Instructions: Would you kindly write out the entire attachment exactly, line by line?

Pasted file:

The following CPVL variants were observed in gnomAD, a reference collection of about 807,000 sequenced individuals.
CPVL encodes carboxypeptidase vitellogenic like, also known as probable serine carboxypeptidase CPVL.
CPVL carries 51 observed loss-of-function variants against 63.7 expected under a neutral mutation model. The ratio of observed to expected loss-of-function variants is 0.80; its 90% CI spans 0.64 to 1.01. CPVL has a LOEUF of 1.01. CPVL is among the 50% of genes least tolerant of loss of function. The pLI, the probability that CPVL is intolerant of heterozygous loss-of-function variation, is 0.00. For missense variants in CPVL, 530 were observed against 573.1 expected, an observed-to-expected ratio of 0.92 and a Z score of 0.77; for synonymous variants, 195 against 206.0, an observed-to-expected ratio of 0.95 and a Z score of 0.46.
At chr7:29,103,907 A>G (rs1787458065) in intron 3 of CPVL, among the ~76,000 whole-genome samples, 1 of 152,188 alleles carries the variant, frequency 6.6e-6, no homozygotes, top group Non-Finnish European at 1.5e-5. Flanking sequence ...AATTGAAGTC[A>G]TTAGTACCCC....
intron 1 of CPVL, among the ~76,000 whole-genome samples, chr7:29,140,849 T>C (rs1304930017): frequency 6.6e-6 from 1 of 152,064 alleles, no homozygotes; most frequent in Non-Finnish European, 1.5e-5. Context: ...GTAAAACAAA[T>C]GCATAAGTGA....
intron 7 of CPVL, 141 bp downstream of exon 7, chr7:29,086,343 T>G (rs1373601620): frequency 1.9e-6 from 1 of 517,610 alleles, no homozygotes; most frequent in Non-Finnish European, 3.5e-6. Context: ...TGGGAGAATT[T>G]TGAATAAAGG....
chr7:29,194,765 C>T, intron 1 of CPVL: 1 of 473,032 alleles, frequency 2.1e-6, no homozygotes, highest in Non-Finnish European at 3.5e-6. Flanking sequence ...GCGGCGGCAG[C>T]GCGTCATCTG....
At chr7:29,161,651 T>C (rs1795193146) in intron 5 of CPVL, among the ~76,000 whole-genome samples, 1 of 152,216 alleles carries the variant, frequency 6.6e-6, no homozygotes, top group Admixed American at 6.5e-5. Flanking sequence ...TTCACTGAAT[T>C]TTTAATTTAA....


The following CPVL variants were observed in gnomAD, a reference collection of about 807,000 sequenced individuals.
CPVL encodes carboxypeptidase vitellogenic like, also known as probable serine carboxypeptidase CPVL.
CPVL carries 51 observed loss-of-function variants against 63.7 expected under a neutral mutation model. The ratio of observed to expected loss-of-function variants is 0.80; its 90% CI spans 0.64 to 1.01. CPVL has a LOEUF of 1.01. CPVL is among the 50% of genes least tolerant of loss of function. The pLI, the probability that CPVL is intolerant of heterozygous loss-of-function variation, is 0.00. For missense variants in CPVL, 530 were observed against 573.1 expected, an observed-to-expected ratio of 0.92 and a Z score of 0.77; for synonymous variants, 195 against 206.0, an observed-to-expected ratio of 0.95 and a Z score of 0.46.
At chr7:29,103,907 A>G (rs1787458065) in intron 3 of CPVL, among the ~76,000 whole-genome samples, 1 of 152,188 alleles carries the variant, frequency 6.6e-6, no homozygotes, top group Non-Finnish European at 1.5e-5. Flanking sequence ...AATTGAAGTC[A>G]TTAGTACCCC....
intron 1 of CPVL, among the ~76,000 whole-genome samples, chr7:29,140,849 T>C (rs1304930017): frequency 6.6e-6 from 1 of 152,064 alleles, no homozygotes; most frequent in Non-Finnish European, 1.5e-5. Context: ...GTAAAACAAA[T>C]GCATAAGTGA....
intron 7 of CPVL, 141 bp downstream of exon 7, chr7:29,086,343 T>G (rs1373601620): frequency 1.9e-6 from 1 of 517,610 alleles, no homozygotes; most frequent in Non-Finnish European, 3.5e-6. Context: ...TGGGAGAATT[T>G]TGAATAAAGG....
chr7:29,194,765 C>T, intron 1 of CPVL: 1 of 473,032 alleles, frequency 2.1e-6, no homozygotes, highest in Non-Finnish European at 3.5e-6. Flanking sequence ...GCGGCGGCAG[C>T]GCGTCATCTG....
At chr7:29,161,651 T>C (rs1795193146) in intron 5 of CPVL, among the ~76,000 whole-genome samples, 1 of 152,216 alleles carries the variant, frequency 6.6e-6, no homozygotes, top group Admixed American at 6.5e-5. Flanking sequence ...TTCACTGAAT[T>C]TTTAATTTAA....